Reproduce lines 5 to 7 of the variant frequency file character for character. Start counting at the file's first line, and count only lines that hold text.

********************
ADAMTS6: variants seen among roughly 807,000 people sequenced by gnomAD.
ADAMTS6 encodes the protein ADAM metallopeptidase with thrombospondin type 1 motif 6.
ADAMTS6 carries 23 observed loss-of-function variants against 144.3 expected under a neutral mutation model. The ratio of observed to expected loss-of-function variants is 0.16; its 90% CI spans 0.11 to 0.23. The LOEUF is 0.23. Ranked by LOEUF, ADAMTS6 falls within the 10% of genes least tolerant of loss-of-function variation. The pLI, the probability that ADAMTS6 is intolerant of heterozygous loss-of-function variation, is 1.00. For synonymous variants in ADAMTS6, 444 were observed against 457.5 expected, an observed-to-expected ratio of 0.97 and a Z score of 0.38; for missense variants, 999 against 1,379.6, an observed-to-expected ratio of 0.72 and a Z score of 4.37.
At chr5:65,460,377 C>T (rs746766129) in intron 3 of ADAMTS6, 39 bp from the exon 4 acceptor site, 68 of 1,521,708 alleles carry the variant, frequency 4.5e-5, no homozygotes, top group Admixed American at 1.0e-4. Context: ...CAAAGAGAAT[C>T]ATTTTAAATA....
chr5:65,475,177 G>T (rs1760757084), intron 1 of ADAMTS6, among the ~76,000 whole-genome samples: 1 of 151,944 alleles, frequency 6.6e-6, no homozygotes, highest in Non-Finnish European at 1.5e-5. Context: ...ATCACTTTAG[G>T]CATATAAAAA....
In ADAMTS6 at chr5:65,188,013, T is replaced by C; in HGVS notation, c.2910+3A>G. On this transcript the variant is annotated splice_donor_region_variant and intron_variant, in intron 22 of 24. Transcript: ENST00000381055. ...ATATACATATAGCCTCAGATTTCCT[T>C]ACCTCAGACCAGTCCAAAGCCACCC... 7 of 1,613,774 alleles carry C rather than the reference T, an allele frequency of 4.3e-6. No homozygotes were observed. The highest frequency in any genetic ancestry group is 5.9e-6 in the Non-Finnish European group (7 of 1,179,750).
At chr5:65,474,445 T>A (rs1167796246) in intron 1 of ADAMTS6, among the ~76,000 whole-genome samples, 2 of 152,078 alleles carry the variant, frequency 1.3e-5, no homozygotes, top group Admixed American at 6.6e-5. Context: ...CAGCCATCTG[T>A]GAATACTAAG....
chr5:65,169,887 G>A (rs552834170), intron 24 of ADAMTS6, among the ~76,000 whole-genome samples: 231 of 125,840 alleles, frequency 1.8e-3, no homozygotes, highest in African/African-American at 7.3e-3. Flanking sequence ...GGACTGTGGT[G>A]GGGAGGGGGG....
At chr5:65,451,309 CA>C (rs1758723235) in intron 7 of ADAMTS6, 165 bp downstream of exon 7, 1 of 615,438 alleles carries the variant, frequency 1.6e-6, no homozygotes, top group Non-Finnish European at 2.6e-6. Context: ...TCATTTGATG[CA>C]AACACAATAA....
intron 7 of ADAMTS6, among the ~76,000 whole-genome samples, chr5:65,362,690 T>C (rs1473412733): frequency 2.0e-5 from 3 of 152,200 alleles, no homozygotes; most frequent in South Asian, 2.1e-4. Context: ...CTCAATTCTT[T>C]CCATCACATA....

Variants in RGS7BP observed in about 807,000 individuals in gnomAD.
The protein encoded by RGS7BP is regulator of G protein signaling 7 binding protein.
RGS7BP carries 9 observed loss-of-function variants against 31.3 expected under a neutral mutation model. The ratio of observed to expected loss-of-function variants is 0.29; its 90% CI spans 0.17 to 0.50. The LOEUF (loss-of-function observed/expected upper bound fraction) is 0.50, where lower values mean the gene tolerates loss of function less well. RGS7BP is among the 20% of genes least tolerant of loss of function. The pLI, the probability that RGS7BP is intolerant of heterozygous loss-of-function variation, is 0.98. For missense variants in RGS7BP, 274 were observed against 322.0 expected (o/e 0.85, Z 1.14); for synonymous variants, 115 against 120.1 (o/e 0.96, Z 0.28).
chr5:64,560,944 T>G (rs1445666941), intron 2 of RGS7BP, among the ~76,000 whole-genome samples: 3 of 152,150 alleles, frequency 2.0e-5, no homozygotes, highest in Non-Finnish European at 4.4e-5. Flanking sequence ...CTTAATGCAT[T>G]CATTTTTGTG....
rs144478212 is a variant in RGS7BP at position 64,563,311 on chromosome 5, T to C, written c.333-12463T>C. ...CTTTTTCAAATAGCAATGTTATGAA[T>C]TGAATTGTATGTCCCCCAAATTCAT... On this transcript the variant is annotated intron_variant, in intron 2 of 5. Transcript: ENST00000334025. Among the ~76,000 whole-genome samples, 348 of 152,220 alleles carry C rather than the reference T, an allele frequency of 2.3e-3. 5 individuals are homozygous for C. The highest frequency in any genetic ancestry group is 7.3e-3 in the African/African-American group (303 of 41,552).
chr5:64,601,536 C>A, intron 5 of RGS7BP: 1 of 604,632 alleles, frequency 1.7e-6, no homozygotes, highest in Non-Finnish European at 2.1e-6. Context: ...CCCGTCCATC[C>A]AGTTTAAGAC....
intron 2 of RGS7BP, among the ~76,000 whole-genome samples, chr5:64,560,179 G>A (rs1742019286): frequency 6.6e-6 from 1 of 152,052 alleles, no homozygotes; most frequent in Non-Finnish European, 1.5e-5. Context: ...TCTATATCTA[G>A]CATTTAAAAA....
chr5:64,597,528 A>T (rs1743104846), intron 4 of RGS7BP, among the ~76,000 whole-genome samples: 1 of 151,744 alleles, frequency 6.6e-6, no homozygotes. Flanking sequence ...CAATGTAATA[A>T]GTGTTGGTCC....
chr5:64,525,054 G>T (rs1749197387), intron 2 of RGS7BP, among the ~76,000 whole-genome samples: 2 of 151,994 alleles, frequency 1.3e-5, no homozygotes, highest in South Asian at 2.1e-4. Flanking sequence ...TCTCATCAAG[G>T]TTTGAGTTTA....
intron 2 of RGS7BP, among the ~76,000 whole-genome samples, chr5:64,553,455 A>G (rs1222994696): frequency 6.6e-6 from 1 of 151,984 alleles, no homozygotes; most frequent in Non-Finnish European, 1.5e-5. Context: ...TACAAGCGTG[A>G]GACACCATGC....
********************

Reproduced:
chr5:65,475,177 G>T (rs1760757084), intron 1 of ADAMTS6, among the ~76,000 whole-genome samples: 1 of 151,944 alleles, frequency 6.6e-6, no homozygotes, highest in Non-Finnish European at 1.5e-5. Context: ...ATCACTTTAG[G>T]CATATAAAAA....
In ADAMTS6 at chr5:65,188,013, T is replaced by C; in HGVS notation, c.2910+3A>G. On this transcript the variant is annotated splice_donor_region_variant and intron_variant, in intron 22 of 24. Transcript: ENST00000381055. ...ATATACATATAGCCTCAGATTTCCT[T>C]ACCTCAGACCAGTCCAAAGCCACCC... 7 of 1,613,774 alleles carry C rather than the reference T, an allele frequency of 4.3e-6. No homozygotes were observed. The highest frequency in any genetic ancestry group is 5.9e-6 in the Non-Finnish European group (7 of 1,179,750).
At chr5:65,474,445 T>A (rs1167796246) in intron 1 of ADAMTS6, among the ~76,000 whole-genome samples, 2 of 152,078 alleles carry the variant, frequency 1.3e-5, no homozygotes, top group Admixed American at 6.6e-5. Context: ...CAGCCATCTG[T>A]GAATACTAAG....